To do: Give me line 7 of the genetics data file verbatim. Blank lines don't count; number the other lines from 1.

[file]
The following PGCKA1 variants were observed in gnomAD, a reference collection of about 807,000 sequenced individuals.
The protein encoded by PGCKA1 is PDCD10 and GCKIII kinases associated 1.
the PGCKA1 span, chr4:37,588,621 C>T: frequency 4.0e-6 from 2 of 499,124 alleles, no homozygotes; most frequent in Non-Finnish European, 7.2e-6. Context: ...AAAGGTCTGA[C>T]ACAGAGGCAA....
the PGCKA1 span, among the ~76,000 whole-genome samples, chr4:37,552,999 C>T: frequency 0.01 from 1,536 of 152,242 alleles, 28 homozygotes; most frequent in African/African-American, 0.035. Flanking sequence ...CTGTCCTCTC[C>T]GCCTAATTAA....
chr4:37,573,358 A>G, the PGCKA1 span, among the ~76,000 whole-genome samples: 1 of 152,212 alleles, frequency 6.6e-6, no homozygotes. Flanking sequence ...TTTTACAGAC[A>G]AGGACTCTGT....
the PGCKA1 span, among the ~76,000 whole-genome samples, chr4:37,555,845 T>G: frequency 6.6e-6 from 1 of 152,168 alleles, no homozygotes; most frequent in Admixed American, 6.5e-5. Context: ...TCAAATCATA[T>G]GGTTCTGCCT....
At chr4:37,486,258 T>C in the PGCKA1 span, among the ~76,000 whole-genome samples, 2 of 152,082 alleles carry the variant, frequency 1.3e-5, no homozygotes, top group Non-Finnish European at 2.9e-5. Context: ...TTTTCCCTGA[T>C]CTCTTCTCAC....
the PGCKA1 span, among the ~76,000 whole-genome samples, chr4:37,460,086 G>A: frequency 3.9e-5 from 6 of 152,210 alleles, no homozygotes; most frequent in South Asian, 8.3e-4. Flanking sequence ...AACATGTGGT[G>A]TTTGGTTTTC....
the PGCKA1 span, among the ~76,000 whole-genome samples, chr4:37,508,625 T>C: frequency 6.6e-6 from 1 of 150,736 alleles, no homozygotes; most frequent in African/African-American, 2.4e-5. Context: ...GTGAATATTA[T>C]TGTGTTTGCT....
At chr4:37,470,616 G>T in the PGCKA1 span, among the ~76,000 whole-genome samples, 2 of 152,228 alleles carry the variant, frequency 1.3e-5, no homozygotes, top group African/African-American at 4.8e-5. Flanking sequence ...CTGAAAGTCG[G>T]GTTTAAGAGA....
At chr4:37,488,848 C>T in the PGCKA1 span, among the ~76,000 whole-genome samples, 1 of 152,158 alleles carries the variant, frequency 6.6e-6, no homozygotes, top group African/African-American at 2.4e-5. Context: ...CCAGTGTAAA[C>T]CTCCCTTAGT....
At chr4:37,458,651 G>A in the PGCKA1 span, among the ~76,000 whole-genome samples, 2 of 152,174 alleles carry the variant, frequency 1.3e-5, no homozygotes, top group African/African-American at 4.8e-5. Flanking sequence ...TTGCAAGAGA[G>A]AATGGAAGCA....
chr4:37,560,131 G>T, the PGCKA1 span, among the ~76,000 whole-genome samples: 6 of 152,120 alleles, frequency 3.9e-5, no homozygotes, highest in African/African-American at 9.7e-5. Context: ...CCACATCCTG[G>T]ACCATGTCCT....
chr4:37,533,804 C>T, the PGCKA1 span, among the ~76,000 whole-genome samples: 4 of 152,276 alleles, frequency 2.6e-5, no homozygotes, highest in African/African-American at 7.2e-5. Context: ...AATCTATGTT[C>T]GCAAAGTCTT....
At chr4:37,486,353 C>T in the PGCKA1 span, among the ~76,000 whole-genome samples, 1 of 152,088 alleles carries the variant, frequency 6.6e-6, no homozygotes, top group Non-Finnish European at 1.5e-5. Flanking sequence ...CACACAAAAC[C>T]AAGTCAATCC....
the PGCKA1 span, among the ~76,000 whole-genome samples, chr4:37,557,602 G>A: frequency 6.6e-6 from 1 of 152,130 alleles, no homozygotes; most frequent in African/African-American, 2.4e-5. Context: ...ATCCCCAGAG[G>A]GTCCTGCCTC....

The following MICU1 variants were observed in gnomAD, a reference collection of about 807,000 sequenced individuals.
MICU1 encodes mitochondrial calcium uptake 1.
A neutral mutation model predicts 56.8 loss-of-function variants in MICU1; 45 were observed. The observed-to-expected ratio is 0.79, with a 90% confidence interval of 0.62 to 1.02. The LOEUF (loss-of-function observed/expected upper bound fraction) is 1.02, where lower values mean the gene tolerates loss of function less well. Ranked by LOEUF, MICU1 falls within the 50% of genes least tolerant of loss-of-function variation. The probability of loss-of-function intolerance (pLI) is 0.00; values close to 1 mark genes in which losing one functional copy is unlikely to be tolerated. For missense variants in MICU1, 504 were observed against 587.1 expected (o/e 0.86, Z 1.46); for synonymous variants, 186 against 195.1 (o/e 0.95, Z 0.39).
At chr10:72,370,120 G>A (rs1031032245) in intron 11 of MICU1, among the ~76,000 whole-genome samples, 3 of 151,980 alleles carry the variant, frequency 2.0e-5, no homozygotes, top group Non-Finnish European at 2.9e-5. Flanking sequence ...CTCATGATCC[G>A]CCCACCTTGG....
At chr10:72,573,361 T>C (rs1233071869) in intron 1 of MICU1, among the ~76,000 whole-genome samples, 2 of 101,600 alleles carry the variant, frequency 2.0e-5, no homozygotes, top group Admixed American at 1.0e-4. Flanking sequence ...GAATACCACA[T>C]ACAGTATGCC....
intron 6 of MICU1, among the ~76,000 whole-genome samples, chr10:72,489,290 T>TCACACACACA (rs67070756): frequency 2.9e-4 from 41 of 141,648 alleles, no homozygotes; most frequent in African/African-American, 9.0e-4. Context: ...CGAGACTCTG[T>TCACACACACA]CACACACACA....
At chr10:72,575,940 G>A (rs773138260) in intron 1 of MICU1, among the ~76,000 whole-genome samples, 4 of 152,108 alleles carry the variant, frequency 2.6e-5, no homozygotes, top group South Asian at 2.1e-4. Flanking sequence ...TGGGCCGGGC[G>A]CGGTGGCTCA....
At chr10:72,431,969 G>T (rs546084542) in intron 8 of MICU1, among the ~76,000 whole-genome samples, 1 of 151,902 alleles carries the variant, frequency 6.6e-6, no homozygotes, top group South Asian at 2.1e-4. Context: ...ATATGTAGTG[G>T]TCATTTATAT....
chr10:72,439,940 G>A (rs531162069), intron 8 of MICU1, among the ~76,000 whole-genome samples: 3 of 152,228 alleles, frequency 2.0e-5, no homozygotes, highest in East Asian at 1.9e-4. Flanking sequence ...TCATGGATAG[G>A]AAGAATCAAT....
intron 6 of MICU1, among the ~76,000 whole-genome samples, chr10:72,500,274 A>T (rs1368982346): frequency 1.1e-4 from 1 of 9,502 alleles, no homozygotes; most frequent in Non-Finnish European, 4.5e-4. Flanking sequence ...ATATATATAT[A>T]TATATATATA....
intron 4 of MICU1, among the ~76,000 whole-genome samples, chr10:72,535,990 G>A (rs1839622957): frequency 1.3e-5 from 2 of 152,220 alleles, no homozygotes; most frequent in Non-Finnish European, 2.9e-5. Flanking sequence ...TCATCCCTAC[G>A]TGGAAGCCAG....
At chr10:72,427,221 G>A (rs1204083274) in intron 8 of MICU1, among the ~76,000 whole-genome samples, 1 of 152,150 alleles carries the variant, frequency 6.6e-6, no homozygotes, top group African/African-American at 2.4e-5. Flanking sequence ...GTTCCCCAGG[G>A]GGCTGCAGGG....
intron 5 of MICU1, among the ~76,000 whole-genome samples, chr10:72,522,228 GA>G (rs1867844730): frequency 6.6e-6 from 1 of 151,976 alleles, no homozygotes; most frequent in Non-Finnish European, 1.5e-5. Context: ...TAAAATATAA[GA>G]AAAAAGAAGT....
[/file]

At chr4:37,486,258 T>C in the PGCKA1 span, among the ~76,000 whole-genome samples, 2 of 152,082 alleles carry the variant, frequency 1.3e-5, no homozygotes, top group Non-Finnish European at 2.9e-5. Context: ...TTTTCCCTGA[T>C]CTCTTCTCAC....